On Top of the World: Deadvlei & Crazy Dune, Namibia
Wind, fire and water fashioned these dunes over millions of years, forming peaks up to 1,000 feet. Seasonal winds carried sand westward from the Kalahari desert, while the Benguela current from South Africa’s shores blew in sand off the Atlantic coast. These dunes are thought to be the highest in the world, and are some of the oldest on earth. Over time, changing winds shifted their growth and direction.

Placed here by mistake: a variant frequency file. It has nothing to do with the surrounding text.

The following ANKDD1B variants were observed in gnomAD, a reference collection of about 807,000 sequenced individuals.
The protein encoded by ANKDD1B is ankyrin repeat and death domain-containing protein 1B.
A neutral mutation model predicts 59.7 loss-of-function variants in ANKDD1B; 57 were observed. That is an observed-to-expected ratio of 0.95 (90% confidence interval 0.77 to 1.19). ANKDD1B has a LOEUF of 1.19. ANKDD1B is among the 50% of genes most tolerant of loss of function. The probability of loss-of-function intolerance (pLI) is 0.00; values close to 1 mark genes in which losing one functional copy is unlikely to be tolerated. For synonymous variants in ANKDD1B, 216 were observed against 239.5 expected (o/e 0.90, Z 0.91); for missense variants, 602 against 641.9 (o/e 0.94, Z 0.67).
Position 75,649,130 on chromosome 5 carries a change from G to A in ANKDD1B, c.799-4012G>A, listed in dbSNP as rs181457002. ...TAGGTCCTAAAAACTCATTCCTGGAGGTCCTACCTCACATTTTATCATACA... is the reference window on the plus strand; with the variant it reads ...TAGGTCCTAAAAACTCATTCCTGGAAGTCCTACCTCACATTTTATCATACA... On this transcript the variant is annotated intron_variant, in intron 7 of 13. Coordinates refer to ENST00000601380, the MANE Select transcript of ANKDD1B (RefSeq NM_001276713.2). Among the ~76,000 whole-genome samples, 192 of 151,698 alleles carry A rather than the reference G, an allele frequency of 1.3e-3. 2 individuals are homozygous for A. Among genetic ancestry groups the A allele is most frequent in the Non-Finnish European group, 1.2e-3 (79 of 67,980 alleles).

At Deadvlei, the dunes choked off ancient riverbeds, leaving behind 500 year old skeletons of Camel Thorn trees standing on sun-baked mud tiles. Towering over the gnarled starkness of these trees rise Crazy Dune, over 1,000 feet tall looking like a mountain constantly flowing down into the span of sun-baked clay below. How can the top of the world feel so liquid and unstable?
(For reference and scale, there is a person standing on the front dune ridge in the lower-left part of the frame.)